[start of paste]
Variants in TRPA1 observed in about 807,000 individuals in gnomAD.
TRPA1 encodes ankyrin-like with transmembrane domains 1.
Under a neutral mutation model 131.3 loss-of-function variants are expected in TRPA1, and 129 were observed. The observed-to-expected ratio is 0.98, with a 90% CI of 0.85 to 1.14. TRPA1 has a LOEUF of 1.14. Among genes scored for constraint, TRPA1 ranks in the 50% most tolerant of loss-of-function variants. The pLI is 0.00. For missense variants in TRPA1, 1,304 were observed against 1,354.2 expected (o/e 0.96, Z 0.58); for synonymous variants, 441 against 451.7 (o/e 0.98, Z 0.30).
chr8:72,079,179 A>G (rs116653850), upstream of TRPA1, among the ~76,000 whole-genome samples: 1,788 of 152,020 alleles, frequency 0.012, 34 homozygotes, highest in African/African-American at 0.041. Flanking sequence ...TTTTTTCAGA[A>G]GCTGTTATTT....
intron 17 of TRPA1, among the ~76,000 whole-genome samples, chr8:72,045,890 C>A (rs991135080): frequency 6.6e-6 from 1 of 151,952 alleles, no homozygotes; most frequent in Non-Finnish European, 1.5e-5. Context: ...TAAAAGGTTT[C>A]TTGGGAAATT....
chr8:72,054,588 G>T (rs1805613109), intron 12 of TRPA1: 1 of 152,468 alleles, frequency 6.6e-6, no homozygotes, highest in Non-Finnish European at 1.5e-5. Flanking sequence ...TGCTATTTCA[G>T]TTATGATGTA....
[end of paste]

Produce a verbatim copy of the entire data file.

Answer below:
Variants in TRPA1 observed in about 807,000 individuals in gnomAD.
TRPA1 encodes ankyrin-like with transmembrane domains 1.
Under a neutral mutation model 131.3 loss-of-function variants are expected in TRPA1, and 129 were observed. The observed-to-expected ratio is 0.98, with a 90% CI of 0.85 to 1.14. TRPA1 has a LOEUF of 1.14. Among genes scored for constraint, TRPA1 ranks in the 50% most tolerant of loss-of-function variants. The pLI is 0.00. For missense variants in TRPA1, 1,304 were observed against 1,354.2 expected (o/e 0.96, Z 0.58); for synonymous variants, 441 against 451.7 (o/e 0.98, Z 0.30).
chr8:72,079,179 A>G (rs116653850), upstream of TRPA1, among the ~76,000 whole-genome samples: 1,788 of 152,020 alleles, frequency 0.012, 34 homozygotes, highest in African/African-American at 0.041. Flanking sequence ...TTTTTTCAGA[A>G]GCTGTTATTT....
intron 17 of TRPA1, among the ~76,000 whole-genome samples, chr8:72,045,890 C>A (rs991135080): frequency 6.6e-6 from 1 of 151,952 alleles, no homozygotes; most frequent in Non-Finnish European, 1.5e-5. Context: ...TAAAAGGTTT[C>A]TTGGGAAATT....
chr8:72,054,588 G>T (rs1805613109), intron 12 of TRPA1: 1 of 152,468 alleles, frequency 6.6e-6, no homozygotes, highest in Non-Finnish European at 1.5e-5. Flanking sequence ...TGCTATTTCA[G>T]TTATGATGTA....